# CleanLearning with no hyperparameter-tuning during expensive cross-validation to find label issues
# but hyperparameter-tuning for the final training of model on clean subset of the data:

model_to_find_errors = GradientBoostingClassifier()  # this model will be trained many times via cross-validation
model_to_return = RandomizedSearchCV(GradientBoostingClassifier(),
                    param_distributions = {
                        "learning_rate": [0.001, 0.05, 0.1, 0.2, 0.5],
                        "max_depth": [3, 5, 10],
                )   # this model will be trained once on clean subset of data

cl0 = CleanLearning(model_to_find_errors)
issues = cl0.find_label_issues(data, labels)

cl = CleanLearning(model_to_return).fit(data, labels, label_issues=issues)  # CleanLearning for hyperparameter final training
pred_probs = cl.predict_proba(data)  # predictions from hyperparameter-tuned GradientBoostingClassifier

print(cl0.clf)  # will be GradientBoostingClassifier()
print(cl.clf)  # will be RandomizedSearchCV(estimator=GradientBoostingClassifier(),...)
                   param_distributions={'learning_rate': [0.001, 0.05, 0.1, 0.2,
                                        'max_depth': [3, 5, 10]})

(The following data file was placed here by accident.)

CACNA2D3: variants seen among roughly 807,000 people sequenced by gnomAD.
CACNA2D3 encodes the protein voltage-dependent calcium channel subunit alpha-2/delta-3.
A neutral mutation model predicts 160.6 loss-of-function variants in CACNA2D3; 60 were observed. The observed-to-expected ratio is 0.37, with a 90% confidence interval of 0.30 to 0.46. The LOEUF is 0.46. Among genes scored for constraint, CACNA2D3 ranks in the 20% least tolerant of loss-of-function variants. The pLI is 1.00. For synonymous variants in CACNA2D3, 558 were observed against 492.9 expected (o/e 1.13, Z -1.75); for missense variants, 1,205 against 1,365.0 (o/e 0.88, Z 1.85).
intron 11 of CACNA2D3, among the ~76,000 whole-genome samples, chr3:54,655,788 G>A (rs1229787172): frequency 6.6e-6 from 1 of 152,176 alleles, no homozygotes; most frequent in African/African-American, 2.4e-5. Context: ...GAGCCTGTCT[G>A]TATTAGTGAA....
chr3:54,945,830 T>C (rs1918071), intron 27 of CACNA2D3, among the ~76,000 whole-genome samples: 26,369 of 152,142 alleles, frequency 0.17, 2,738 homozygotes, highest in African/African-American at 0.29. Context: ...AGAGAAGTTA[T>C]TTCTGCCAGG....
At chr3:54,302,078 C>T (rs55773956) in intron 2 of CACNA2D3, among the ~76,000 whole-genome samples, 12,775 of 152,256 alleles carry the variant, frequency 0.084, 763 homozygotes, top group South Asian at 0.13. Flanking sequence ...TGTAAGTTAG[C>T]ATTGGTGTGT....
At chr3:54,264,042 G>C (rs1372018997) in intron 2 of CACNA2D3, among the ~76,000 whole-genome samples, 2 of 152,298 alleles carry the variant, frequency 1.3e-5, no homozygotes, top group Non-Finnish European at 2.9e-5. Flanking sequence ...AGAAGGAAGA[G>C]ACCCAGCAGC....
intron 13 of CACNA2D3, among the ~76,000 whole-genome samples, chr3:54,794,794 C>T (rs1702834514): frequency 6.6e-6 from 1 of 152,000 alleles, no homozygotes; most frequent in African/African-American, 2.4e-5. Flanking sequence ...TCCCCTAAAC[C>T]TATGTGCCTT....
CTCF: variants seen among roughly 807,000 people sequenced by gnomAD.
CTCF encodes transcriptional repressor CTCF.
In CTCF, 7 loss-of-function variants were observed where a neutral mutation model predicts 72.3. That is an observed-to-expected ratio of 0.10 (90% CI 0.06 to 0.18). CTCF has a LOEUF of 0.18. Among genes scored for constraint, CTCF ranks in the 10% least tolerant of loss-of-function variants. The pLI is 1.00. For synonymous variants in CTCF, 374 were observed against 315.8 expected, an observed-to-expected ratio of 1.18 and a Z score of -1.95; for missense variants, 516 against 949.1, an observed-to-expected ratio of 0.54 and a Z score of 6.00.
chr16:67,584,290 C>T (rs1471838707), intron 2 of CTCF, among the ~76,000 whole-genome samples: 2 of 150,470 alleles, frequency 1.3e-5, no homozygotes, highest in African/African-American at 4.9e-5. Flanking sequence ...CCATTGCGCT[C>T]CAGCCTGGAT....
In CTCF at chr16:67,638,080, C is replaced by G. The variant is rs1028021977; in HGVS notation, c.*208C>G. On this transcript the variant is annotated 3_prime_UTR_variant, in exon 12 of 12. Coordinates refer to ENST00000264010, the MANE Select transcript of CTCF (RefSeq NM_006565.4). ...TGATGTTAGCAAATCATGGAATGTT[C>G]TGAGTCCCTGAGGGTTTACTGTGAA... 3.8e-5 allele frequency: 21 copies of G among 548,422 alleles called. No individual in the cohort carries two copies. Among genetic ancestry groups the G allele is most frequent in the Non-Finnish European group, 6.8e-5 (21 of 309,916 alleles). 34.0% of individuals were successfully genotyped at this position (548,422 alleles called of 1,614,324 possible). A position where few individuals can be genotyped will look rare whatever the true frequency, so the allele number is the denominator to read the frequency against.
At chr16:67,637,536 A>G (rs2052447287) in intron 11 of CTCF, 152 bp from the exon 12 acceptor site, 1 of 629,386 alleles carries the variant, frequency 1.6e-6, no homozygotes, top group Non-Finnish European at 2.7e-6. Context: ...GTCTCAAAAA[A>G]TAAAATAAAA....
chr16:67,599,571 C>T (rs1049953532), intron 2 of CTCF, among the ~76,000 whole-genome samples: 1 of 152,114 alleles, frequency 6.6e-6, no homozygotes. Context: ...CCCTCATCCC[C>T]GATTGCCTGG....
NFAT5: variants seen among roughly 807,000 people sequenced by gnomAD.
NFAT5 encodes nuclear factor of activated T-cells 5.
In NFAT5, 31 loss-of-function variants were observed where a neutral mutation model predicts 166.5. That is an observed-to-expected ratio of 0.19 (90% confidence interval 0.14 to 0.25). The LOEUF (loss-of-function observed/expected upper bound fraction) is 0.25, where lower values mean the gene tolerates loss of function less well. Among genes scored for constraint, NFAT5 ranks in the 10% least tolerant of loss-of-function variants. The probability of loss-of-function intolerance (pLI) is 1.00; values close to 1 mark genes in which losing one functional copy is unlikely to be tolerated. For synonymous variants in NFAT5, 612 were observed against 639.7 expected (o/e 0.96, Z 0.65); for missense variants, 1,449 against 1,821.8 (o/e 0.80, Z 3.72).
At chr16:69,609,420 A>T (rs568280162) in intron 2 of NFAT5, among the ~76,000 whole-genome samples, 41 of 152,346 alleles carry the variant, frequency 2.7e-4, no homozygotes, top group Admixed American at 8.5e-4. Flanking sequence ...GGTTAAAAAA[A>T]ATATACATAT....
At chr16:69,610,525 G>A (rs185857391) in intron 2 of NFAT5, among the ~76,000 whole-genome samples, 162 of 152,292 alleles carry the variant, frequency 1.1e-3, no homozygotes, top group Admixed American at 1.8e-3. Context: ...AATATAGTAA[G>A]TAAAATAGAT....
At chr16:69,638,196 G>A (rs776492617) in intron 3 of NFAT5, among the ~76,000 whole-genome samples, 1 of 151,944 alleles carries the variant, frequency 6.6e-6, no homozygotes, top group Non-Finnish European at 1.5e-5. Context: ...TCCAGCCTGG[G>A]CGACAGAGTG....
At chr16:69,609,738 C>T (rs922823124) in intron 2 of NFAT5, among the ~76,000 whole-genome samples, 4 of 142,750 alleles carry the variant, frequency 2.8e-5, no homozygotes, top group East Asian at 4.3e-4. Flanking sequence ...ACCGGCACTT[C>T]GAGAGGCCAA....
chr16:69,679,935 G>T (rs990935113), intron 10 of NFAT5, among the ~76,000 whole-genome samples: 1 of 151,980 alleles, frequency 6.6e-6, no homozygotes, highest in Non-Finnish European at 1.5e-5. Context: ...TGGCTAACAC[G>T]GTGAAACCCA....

Why does regression.learn.CleanLearning take so long?#

To effectively identify errors in a regression dataset, the methods in regression.learn.CleanLearning estimate each datapoint’s aleatoric uncertainty (by fitting a second copy of the regression model to predict the residuals’ magnitudes), as well as its epistemic uncertainty (by fitting multiple copies of the regression model with bootstrap resampling). These uncertainty estimates help provide a robust quality score that accounts for the model’s imperfect predictions.

These uncertainty estimates help produce better results but require longer runtimes. Here are a few options to speed up the runtime of these methods:

  • Reduce the number of bootstrap resampling rounds by decreasing the n_boot argument (default value is 5, set it to 0 to skip the epistemic uncertainty estimation entirely).

  • Set include_aleatoric_uncertainty=False to skip the aleatoric uncertainty estimation.

  • Include less elements in the coarse_search_range argument of regression.learn.CleanLearning.find_label_issues. This is overall set of values initially considered for estimating the fraction of data that have label issues.

  • Reduce the fine_search_size argument of regression.learn.CleanLearning.find_label_issues. A higher number represents a more thorough search to precisely estimate the fraction of data that have label issues.